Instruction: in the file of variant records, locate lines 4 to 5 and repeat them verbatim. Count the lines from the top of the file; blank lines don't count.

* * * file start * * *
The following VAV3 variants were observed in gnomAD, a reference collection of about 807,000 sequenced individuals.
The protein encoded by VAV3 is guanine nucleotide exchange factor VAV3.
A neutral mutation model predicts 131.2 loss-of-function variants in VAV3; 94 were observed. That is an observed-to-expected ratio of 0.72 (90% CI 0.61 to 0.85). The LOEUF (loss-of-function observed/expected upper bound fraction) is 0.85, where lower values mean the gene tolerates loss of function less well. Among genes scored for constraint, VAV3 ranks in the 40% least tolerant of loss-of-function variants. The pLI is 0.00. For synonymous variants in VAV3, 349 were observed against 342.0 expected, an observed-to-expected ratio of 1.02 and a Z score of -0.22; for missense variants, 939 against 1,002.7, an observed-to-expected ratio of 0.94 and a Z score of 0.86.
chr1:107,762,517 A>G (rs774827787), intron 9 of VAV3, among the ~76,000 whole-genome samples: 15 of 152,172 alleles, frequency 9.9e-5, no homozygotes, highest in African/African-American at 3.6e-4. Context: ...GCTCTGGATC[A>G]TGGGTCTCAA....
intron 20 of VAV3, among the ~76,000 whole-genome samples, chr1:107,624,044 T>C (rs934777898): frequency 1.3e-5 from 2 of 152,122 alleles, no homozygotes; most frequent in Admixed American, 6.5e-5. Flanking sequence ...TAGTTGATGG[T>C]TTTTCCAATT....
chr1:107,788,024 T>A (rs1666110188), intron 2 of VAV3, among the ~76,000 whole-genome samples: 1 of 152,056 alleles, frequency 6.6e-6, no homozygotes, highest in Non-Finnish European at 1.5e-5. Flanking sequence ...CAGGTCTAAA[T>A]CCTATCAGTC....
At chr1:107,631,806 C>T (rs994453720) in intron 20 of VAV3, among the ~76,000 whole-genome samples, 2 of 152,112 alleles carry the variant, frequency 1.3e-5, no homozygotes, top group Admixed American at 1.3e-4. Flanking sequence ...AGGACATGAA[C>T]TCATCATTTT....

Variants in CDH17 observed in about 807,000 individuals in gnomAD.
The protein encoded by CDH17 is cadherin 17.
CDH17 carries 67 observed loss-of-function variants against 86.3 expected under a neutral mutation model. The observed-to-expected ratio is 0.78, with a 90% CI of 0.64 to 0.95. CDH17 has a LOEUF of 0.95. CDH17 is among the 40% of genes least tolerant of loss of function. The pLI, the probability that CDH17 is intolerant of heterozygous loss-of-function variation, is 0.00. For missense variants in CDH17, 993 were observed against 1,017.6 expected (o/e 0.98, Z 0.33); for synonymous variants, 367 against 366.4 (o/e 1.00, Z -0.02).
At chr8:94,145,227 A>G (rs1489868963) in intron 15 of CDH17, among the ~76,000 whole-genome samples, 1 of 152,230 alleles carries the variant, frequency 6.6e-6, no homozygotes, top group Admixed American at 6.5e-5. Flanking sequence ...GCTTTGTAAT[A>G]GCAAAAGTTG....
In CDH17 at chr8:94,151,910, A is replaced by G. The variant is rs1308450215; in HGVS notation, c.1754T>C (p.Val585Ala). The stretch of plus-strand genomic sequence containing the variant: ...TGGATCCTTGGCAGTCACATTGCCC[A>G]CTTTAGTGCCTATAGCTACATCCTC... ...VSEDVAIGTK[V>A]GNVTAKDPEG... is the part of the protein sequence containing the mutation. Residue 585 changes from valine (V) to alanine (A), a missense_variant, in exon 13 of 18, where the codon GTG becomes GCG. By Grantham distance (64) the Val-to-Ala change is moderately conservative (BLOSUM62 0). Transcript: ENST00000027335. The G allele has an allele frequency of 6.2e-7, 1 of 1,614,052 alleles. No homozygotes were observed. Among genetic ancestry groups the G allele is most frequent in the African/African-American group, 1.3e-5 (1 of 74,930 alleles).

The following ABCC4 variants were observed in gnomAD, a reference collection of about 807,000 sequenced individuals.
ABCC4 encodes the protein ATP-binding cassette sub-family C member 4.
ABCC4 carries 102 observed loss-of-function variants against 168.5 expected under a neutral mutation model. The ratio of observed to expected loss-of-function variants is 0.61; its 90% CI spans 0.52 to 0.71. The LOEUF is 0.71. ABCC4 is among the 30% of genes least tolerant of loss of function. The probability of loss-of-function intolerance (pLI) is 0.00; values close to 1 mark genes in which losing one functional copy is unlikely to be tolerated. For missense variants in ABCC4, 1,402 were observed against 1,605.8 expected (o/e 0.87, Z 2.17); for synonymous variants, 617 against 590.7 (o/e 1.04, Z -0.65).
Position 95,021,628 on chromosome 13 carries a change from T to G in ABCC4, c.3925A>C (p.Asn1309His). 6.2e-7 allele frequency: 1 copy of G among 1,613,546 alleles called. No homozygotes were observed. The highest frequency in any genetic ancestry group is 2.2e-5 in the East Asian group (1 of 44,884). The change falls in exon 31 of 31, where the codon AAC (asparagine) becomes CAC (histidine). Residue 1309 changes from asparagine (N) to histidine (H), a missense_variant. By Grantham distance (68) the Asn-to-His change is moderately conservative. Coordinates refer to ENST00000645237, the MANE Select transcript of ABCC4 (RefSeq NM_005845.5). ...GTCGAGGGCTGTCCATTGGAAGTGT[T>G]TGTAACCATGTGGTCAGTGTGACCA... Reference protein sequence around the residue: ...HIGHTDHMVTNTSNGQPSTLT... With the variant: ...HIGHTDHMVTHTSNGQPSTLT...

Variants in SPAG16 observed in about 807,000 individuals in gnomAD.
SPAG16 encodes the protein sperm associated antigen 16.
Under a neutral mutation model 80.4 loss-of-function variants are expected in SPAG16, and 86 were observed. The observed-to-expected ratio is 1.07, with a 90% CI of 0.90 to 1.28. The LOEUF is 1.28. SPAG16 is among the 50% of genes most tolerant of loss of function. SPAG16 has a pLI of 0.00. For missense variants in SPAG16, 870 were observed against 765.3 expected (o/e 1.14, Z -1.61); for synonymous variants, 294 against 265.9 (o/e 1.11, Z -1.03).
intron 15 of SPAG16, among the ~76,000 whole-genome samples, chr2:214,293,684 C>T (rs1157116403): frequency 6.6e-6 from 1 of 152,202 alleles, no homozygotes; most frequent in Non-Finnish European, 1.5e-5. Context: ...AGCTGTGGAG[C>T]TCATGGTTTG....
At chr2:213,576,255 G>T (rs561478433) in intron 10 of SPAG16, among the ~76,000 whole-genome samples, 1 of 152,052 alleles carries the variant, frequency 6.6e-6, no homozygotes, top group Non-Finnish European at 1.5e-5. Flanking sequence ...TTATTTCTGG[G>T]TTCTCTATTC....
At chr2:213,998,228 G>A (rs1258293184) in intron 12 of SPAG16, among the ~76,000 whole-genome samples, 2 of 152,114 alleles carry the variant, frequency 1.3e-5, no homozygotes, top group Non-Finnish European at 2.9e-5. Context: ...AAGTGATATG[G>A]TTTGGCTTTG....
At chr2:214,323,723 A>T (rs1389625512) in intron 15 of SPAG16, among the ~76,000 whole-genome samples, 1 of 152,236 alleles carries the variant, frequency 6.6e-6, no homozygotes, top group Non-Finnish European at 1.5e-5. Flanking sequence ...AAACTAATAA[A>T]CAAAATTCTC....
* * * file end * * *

chr1:107,762,517 A>G (rs774827787), intron 9 of VAV3, among the ~76,000 whole-genome samples: 15 of 152,172 alleles, frequency 9.9e-5, no homozygotes, highest in African/African-American at 3.6e-4. Context: ...GCTCTGGATC[A>G]TGGGTCTCAA....
intron 20 of VAV3, among the ~76,000 whole-genome samples, chr1:107,624,044 T>C (rs934777898): frequency 1.3e-5 from 2 of 152,122 alleles, no homozygotes; most frequent in Admixed American, 6.5e-5. Flanking sequence ...TAGTTGATGG[T>C]TTTTCCAATT....